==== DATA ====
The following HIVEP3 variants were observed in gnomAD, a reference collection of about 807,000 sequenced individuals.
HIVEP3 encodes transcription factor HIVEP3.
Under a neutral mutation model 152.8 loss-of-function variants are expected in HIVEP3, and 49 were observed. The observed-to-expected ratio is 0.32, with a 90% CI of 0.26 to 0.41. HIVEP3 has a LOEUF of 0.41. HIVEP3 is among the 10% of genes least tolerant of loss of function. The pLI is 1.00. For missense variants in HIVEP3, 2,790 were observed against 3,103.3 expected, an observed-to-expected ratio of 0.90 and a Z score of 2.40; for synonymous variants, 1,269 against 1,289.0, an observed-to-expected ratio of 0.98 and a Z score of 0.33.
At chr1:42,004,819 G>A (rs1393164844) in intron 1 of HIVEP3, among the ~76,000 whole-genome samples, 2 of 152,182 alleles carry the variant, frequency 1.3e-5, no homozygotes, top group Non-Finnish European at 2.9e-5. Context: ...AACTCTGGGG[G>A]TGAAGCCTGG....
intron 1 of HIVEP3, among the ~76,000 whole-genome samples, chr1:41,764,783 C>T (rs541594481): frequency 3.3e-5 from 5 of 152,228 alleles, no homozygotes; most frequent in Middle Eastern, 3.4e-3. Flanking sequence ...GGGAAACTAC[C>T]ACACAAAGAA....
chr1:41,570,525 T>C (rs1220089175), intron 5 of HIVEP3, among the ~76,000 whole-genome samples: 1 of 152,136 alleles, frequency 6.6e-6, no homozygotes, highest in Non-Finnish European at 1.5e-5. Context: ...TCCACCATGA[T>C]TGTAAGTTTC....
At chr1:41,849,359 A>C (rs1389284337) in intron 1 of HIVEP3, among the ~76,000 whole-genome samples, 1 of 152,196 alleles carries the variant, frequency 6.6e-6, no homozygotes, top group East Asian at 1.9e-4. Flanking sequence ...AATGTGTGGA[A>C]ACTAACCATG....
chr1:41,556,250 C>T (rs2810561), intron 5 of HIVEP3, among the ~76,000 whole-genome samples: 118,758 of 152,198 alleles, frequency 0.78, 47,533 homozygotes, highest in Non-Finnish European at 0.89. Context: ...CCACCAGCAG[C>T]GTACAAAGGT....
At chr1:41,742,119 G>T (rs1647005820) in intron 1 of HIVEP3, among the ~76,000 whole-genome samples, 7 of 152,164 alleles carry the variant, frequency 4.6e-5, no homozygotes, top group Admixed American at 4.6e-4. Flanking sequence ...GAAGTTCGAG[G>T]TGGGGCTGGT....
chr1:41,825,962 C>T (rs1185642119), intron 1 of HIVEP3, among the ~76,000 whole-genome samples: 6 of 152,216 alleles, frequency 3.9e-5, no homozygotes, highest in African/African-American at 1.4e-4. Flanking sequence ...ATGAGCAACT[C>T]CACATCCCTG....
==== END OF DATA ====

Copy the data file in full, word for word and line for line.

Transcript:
The following HIVEP3 variants were observed in gnomAD, a reference collection of about 807,000 sequenced individuals.
HIVEP3 encodes transcription factor HIVEP3.
Under a neutral mutation model 152.8 loss-of-function variants are expected in HIVEP3, and 49 were observed. The observed-to-expected ratio is 0.32, with a 90% CI of 0.26 to 0.41. HIVEP3 has a LOEUF of 0.41. HIVEP3 is among the 10% of genes least tolerant of loss of function. The pLI is 1.00. For missense variants in HIVEP3, 2,790 were observed against 3,103.3 expected, an observed-to-expected ratio of 0.90 and a Z score of 2.40; for synonymous variants, 1,269 against 1,289.0, an observed-to-expected ratio of 0.98 and a Z score of 0.33.
At chr1:42,004,819 G>A (rs1393164844) in intron 1 of HIVEP3, among the ~76,000 whole-genome samples, 2 of 152,182 alleles carry the variant, frequency 1.3e-5, no homozygotes, top group Non-Finnish European at 2.9e-5. Context: ...AACTCTGGGG[G>A]TGAAGCCTGG....
intron 1 of HIVEP3, among the ~76,000 whole-genome samples, chr1:41,764,783 C>T (rs541594481): frequency 3.3e-5 from 5 of 152,228 alleles, no homozygotes; most frequent in Middle Eastern, 3.4e-3. Flanking sequence ...GGGAAACTAC[C>T]ACACAAAGAA....
chr1:41,570,525 T>C (rs1220089175), intron 5 of HIVEP3, among the ~76,000 whole-genome samples: 1 of 152,136 alleles, frequency 6.6e-6, no homozygotes, highest in Non-Finnish European at 1.5e-5. Context: ...TCCACCATGA[T>C]TGTAAGTTTC....
At chr1:41,849,359 A>C (rs1389284337) in intron 1 of HIVEP3, among the ~76,000 whole-genome samples, 1 of 152,196 alleles carries the variant, frequency 6.6e-6, no homozygotes, top group East Asian at 1.9e-4. Flanking sequence ...AATGTGTGGA[A>C]ACTAACCATG....
chr1:41,556,250 C>T (rs2810561), intron 5 of HIVEP3, among the ~76,000 whole-genome samples: 118,758 of 152,198 alleles, frequency 0.78, 47,533 homozygotes, highest in Non-Finnish European at 0.89. Context: ...CCACCAGCAG[C>T]GTACAAAGGT....
At chr1:41,742,119 G>T (rs1647005820) in intron 1 of HIVEP3, among the ~76,000 whole-genome samples, 7 of 152,164 alleles carry the variant, frequency 4.6e-5, no homozygotes, top group Admixed American at 4.6e-4. Flanking sequence ...GAAGTTCGAG[G>T]TGGGGCTGGT....
chr1:41,825,962 C>T (rs1185642119), intron 1 of HIVEP3, among the ~76,000 whole-genome samples: 6 of 152,216 alleles, frequency 3.9e-5, no homozygotes, highest in African/African-American at 1.4e-4. Flanking sequence ...ATGAGCAACT[C>T]CACATCCCTG....